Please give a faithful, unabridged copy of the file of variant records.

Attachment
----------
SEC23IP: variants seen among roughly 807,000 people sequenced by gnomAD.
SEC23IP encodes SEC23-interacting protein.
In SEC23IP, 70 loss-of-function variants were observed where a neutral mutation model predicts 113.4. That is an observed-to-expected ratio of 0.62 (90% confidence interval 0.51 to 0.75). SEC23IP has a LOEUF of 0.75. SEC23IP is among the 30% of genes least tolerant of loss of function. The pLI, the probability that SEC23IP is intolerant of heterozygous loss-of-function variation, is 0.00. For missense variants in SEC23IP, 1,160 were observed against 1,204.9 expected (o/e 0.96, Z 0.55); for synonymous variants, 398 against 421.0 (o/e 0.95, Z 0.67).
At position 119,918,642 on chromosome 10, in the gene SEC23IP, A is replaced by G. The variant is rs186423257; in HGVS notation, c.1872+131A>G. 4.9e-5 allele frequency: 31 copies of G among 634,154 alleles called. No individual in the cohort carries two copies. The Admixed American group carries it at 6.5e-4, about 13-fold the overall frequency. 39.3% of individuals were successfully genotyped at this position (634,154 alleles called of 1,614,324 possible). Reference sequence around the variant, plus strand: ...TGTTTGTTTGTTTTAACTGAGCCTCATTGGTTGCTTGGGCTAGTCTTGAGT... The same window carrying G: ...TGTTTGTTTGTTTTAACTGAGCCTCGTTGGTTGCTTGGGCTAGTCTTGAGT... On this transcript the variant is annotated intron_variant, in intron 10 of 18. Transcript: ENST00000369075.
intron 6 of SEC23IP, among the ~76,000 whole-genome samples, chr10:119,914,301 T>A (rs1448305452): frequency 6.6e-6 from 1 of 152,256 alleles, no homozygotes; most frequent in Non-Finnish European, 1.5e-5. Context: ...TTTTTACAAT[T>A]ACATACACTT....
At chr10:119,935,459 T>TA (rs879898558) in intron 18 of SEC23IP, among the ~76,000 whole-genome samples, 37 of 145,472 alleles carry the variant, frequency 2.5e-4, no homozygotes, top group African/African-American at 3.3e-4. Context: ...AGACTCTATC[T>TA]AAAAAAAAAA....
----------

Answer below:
SEC23IP: variants seen among roughly 807,000 people sequenced by gnomAD.
SEC23IP encodes SEC23-interacting protein.
In SEC23IP, 70 loss-of-function variants were observed where a neutral mutation model predicts 113.4. That is an observed-to-expected ratio of 0.62 (90% confidence interval 0.51 to 0.75). SEC23IP has a LOEUF of 0.75. SEC23IP is among the 30% of genes least tolerant of loss of function. The pLI, the probability that SEC23IP is intolerant of heterozygous loss-of-function variation, is 0.00. For missense variants in SEC23IP, 1,160 were observed against 1,204.9 expected (o/e 0.96, Z 0.55); for synonymous variants, 398 against 421.0 (o/e 0.95, Z 0.67).
At position 119,918,642 on chromosome 10, in the gene SEC23IP, A is replaced by G. The variant is rs186423257; in HGVS notation, c.1872+131A>G. 4.9e-5 allele frequency: 31 copies of G among 634,154 alleles called. No individual in the cohort carries two copies. The Admixed American group carries it at 6.5e-4, about 13-fold the overall frequency. 39.3% of individuals were successfully genotyped at this position (634,154 alleles called of 1,614,324 possible). Reference sequence around the variant, plus strand: ...TGTTTGTTTGTTTTAACTGAGCCTCATTGGTTGCTTGGGCTAGTCTTGAGT... The same window carrying G: ...TGTTTGTTTGTTTTAACTGAGCCTCGTTGGTTGCTTGGGCTAGTCTTGAGT... On this transcript the variant is annotated intron_variant, in intron 10 of 18. Transcript: ENST00000369075.
intron 6 of SEC23IP, among the ~76,000 whole-genome samples, chr10:119,914,301 T>A (rs1448305452): frequency 6.6e-6 from 1 of 152,256 alleles, no homozygotes; most frequent in Non-Finnish European, 1.5e-5. Context: ...TTTTTACAAT[T>A]ACATACACTT....
At chr10:119,935,459 T>TA (rs879898558) in intron 18 of SEC23IP, among the ~76,000 whole-genome samples, 37 of 145,472 alleles carry the variant, frequency 2.5e-4, no homozygotes, top group African/African-American at 3.3e-4. Context: ...AGACTCTATC[T>TA]AAAAAAAAAA....